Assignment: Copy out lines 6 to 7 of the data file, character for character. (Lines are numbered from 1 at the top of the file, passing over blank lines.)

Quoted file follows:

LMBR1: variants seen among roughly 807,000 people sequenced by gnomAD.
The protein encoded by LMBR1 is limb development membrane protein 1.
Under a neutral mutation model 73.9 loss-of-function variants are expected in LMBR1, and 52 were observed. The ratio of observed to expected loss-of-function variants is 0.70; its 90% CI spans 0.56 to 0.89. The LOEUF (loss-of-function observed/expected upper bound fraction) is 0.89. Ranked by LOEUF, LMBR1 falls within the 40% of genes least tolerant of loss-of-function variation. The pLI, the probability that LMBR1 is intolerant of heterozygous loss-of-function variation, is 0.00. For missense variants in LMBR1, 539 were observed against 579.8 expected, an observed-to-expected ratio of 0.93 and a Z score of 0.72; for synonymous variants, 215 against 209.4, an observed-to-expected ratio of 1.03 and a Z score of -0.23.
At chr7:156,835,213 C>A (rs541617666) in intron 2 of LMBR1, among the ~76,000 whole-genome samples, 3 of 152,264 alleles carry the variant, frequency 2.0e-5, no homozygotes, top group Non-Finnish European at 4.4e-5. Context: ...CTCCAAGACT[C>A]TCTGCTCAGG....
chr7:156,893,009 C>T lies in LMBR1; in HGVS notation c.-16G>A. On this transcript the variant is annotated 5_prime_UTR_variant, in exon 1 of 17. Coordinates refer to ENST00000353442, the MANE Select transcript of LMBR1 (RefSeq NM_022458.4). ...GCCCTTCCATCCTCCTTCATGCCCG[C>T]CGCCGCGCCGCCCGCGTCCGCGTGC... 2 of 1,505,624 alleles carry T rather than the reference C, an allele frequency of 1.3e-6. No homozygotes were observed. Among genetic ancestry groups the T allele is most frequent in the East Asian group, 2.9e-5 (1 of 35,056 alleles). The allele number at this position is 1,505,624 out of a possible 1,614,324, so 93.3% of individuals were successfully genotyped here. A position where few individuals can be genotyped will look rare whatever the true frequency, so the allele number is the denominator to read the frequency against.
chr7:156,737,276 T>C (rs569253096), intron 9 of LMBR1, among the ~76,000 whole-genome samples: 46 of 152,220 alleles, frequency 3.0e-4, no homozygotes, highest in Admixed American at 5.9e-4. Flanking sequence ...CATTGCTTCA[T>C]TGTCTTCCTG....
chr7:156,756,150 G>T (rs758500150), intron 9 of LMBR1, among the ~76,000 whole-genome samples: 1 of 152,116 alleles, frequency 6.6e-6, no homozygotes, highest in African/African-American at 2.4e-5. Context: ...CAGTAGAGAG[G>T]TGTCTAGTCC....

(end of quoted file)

chr7:156,737,276 T>C (rs569253096), intron 9 of LMBR1, among the ~76,000 whole-genome samples: 46 of 152,220 alleles, frequency 3.0e-4, no homozygotes, highest in Admixed American at 5.9e-4. Flanking sequence ...CATTGCTTCA[T>C]TGTCTTCCTG....
chr7:156,756,150 G>T (rs758500150), intron 9 of LMBR1, among the ~76,000 whole-genome samples: 1 of 152,116 alleles, frequency 6.6e-6, no homozygotes, highest in African/African-American at 2.4e-5. Context: ...CAGTAGAGAG[G>T]TGTCTAGTCC....